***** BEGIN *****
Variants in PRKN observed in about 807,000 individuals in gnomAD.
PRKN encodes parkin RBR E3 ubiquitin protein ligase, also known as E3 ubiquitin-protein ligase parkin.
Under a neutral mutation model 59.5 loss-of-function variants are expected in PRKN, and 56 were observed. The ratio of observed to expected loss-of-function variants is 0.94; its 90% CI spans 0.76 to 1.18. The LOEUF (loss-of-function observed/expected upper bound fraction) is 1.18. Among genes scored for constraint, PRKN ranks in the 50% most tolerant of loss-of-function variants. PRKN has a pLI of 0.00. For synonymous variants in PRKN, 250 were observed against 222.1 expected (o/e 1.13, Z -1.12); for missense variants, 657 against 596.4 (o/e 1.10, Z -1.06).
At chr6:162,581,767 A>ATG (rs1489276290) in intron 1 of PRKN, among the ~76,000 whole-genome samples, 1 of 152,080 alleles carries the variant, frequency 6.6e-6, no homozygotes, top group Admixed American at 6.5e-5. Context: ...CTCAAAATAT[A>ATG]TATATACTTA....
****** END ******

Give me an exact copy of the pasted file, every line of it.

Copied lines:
Variants in PRKN observed in about 807,000 individuals in gnomAD.
PRKN encodes parkin RBR E3 ubiquitin protein ligase, also known as E3 ubiquitin-protein ligase parkin.
Under a neutral mutation model 59.5 loss-of-function variants are expected in PRKN, and 56 were observed. The ratio of observed to expected loss-of-function variants is 0.94; its 90% CI spans 0.76 to 1.18. The LOEUF (loss-of-function observed/expected upper bound fraction) is 1.18. Among genes scored for constraint, PRKN ranks in the 50% most tolerant of loss-of-function variants. PRKN has a pLI of 0.00. For synonymous variants in PRKN, 250 were observed against 222.1 expected (o/e 1.13, Z -1.12); for missense variants, 657 against 596.4 (o/e 1.10, Z -1.06).
At chr6:162,581,767 A>ATG (rs1489276290) in intron 1 of PRKN, among the ~76,000 whole-genome samples, 1 of 152,080 alleles carries the variant, frequency 6.6e-6, no homozygotes, top group Admixed American at 6.5e-5. Context: ...CTCAAAATAT[A>ATG]TATATACTTA....